According to a survey conducted by UBS and Arts Economics, millennials spent more on art in 2020 than any other age group of high-net-worth investors. Thirty percent of millennials — the oldest of whom turn 40 this year — spent more than $1 million on artwork, versus 17% of Boomers, it reports.
As the art market shifts to serve a millennial audience, new trends are taking shape locally and across the world.
A large portion of millennial collectors are women, and they are looking for work they connect with as a woman, says local art advisor Elizabeth Ruffner, who helps people find the best value and pieces to build their collections through her business, Ruffner Art Advisory. Therefore, works by women have become more popular globally, along with works by Asian and Near Eastern artists, she says.
Raquel Mullins, owner of Wavelength Space, a new artist-run gallery in Chattanooga, agrees that art for millennials is more "of a lifestyle statement." Through platforms like Patreon, millennials will even support artists in creating work they feel connected with in the same way they might support an entrepreneur on Kickstarter, without expecting a return on their investment.
Here are a few of this new demographic's other habits that are having an impact on the art scene.
They are not as interested in the Old Masters.
Rachel Reese has worked in contemporary art for the past 12 years, first in commercial galleries in New York City, Philadelphia and Atlanta and now as director of the Institute of Contemporary Art at the University of Tennessee at Chattanooga.
"Maybe older generations were collecting art more for investment reasons and thinking about building a portfolio, or they were purchasing it for personal pleasure," she says. "But I think younger collectors, younger patrons of the arts are less interested in thinking about it as an investment and more just something that they can connect to in terms of an experience or something that they want to live with in their home," Reese says.
In fact, says Ruffner, millennials who inherit such pieces tend to auction them off.
They don't always spend much on a single piece.
"I think a lot of people balk when they see the cost of fine art, because they don't always understand the labor and the time that goes into that," Mullins says.
So, to make art accessible, artists are making it more affordable, "like anywhere from $50-$300," she says.
Still, though, Reese, who's a millennial herself, says young art-lovers want something original.
"The attitude toward consumerism is a little different with younger generations, and maybe a little more thoughtful," she says. "I collect art myself, and I'm much more interested in collecting an original work of art than I am in purchasing something mass-produced."
They're discovering and buying art on Instagram and other online platforms, and galleries are doing more online business to capture those audiences.
According to "UBS and Art Basel Global Art Market Report 2021," roughly one-third of collectors purchased art using Instagram in 2020. Mullins says most of the artists showing at Wavelength are also selling work on Instagram.
"Over the past decade or so, there's definitely been a big explosion of different platforms online that have popped up that are providing that sort of transaction model to purchase authentic works of art," agrees Reese. "I think maybe even just a decade or more ago there was more hesitancy to buy work online because it's such a physical experience — being able to see it, make a decision in person and purchase something in person."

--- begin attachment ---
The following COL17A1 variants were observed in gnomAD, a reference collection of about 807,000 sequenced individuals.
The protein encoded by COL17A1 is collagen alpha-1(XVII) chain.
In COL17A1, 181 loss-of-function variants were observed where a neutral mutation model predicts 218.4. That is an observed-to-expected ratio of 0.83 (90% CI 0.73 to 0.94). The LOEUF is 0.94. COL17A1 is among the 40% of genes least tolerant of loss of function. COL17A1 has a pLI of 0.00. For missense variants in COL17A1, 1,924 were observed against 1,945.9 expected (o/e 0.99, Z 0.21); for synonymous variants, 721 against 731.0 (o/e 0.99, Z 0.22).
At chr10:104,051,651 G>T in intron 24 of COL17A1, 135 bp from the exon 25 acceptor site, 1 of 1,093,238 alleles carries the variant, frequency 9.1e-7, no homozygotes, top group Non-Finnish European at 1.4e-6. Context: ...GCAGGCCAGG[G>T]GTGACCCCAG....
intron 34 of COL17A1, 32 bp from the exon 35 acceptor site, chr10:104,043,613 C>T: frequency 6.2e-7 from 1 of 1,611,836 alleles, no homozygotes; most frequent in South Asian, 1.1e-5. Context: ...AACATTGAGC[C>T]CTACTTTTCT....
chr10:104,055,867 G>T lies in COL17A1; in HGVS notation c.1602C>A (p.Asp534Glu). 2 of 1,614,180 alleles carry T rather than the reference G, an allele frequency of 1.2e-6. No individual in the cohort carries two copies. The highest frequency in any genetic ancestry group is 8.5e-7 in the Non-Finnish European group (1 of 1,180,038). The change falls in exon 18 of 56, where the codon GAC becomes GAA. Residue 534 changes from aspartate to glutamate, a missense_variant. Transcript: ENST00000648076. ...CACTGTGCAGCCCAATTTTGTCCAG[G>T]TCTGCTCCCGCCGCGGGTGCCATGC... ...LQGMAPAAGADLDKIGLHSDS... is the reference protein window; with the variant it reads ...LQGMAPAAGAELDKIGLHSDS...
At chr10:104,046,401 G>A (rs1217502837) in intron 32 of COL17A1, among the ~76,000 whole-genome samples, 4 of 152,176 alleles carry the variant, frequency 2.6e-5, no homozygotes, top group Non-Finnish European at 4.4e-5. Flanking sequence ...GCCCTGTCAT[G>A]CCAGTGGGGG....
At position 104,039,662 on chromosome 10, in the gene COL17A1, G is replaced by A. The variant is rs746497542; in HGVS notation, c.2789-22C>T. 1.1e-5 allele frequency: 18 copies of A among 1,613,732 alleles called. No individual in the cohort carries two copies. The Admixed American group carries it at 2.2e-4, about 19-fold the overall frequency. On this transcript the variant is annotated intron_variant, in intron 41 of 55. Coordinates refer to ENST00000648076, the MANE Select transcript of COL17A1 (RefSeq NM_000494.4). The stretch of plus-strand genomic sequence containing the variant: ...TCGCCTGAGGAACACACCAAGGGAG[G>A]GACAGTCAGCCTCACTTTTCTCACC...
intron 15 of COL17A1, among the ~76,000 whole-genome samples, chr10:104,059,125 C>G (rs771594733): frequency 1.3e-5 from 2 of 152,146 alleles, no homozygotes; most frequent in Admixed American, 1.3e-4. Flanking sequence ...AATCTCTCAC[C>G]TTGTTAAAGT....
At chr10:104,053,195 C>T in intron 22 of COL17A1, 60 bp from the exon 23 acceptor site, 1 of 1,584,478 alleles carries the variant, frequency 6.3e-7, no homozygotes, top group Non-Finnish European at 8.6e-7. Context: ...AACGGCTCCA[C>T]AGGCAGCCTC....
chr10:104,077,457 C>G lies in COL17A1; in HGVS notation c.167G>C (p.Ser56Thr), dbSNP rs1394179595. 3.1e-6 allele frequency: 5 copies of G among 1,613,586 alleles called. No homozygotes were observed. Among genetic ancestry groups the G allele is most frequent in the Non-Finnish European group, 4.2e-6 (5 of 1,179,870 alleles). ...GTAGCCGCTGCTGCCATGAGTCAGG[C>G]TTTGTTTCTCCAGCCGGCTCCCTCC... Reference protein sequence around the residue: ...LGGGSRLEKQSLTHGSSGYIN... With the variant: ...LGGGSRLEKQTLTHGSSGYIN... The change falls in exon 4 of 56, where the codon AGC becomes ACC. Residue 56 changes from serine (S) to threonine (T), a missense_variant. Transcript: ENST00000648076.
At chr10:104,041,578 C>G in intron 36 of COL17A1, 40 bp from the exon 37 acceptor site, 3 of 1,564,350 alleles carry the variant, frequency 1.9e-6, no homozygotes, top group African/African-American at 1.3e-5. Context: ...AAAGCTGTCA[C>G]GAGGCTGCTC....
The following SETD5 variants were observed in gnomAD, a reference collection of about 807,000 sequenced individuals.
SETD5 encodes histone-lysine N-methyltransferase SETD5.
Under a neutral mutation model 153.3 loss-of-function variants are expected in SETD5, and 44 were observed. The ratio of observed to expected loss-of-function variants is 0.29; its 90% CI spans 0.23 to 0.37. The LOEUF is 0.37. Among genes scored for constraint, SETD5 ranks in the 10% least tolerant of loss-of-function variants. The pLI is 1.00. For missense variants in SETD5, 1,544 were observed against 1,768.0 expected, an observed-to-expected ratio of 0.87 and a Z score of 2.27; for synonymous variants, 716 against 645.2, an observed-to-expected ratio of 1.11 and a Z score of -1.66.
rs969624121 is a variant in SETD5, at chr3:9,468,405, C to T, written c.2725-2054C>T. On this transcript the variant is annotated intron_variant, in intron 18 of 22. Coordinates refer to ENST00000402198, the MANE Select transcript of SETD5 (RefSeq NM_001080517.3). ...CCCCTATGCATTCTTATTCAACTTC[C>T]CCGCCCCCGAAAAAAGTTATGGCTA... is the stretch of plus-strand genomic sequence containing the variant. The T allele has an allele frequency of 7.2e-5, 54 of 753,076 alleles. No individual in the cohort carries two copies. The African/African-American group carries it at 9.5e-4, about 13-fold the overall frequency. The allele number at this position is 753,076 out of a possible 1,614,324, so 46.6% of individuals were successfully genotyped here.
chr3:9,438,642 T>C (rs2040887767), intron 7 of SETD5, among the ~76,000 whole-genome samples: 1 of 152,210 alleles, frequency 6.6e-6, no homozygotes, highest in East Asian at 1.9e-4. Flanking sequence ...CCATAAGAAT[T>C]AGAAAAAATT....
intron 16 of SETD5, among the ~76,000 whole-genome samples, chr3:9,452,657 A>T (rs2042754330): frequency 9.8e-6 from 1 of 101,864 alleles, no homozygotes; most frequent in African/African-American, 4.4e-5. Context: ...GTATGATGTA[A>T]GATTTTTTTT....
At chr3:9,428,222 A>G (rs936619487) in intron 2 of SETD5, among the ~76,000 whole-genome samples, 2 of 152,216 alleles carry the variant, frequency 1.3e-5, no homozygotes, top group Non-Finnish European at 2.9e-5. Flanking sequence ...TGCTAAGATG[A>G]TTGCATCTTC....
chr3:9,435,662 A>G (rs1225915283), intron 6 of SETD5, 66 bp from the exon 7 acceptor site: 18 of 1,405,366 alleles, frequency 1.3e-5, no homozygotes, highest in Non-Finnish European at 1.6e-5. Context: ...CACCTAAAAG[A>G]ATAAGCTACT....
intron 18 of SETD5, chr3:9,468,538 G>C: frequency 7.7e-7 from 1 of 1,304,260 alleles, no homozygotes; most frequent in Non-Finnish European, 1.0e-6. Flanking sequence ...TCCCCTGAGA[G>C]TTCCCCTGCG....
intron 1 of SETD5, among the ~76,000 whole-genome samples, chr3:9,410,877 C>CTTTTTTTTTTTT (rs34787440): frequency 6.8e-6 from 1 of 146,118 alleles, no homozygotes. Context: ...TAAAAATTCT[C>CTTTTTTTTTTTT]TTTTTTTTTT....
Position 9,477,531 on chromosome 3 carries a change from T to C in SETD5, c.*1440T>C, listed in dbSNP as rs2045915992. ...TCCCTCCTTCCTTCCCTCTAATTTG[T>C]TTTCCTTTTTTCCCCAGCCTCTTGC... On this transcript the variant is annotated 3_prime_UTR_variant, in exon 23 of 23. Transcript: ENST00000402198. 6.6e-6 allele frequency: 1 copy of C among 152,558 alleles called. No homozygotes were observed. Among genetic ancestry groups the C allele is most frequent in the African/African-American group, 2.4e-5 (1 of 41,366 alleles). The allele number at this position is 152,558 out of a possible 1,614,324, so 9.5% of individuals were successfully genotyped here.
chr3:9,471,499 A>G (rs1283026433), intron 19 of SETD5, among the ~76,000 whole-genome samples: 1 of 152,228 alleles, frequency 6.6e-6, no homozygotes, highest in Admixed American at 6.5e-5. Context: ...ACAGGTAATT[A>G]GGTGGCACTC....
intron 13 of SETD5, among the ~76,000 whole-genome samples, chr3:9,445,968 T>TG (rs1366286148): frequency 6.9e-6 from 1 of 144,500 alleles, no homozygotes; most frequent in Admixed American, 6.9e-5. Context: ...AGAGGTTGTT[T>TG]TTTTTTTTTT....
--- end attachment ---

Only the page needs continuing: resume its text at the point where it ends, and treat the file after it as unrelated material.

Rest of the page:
The pandemic has accelerated this trend.
"I think galleries are definitely more reliant on online audiences than they were in the past in order to be viable today, particularly in the past year when you can't travel as much," she says. "In order for galleries to stay afloat, they've got to find audiences — virtual audiences and virtual collectors."
However, the popularity of digital platforms won't mean the end of art fairs and physical gallery spaces, which still drive the market, says Ruffner.
"There's a reason the art industry was pretty much the last industry to move online, and humanization is still important for millennial buyers," she says.
They're interested in different mediums and materials.
Ruffner says fabric is a big part of newer artworks, but the variety of popular mediums doesn't end there.
"Just in the same way that the contemporary art field and the many different ways that artists are making work now has exploded, the type of collecting has also just grown rapidly," Reese says. "You can collect video art, and you can do that responsibly and authentically with galleries or with an artist. You can purchase an NFT."
NFT stands for nonfungible token, an asset that's typically digital with authenticity verified through blockchain technology. It's basically a digital record of transactions that's difficult to change since it's sent out across so many networks.
"Thinking about how our world is so digitally connected and driven by digital content how do you create an original work of art that exists only in the digital realm? How do you say that this one image is the original image that everything else is memed or shared from? That's sort of my understanding of what the NFT is doing, that this is the unique, original source image that you can purchase," Reese explains.
"What I think is different about that than purchasing a painting, for example, is that you have an understanding as the collector that you cannot control its distribution or its reproduction online, but you own the original," she adds. "With a painting, once you own the painting in your home, you know it's not being distributed anywhere else. The image of it may be, but the work of art exists in the physical realm."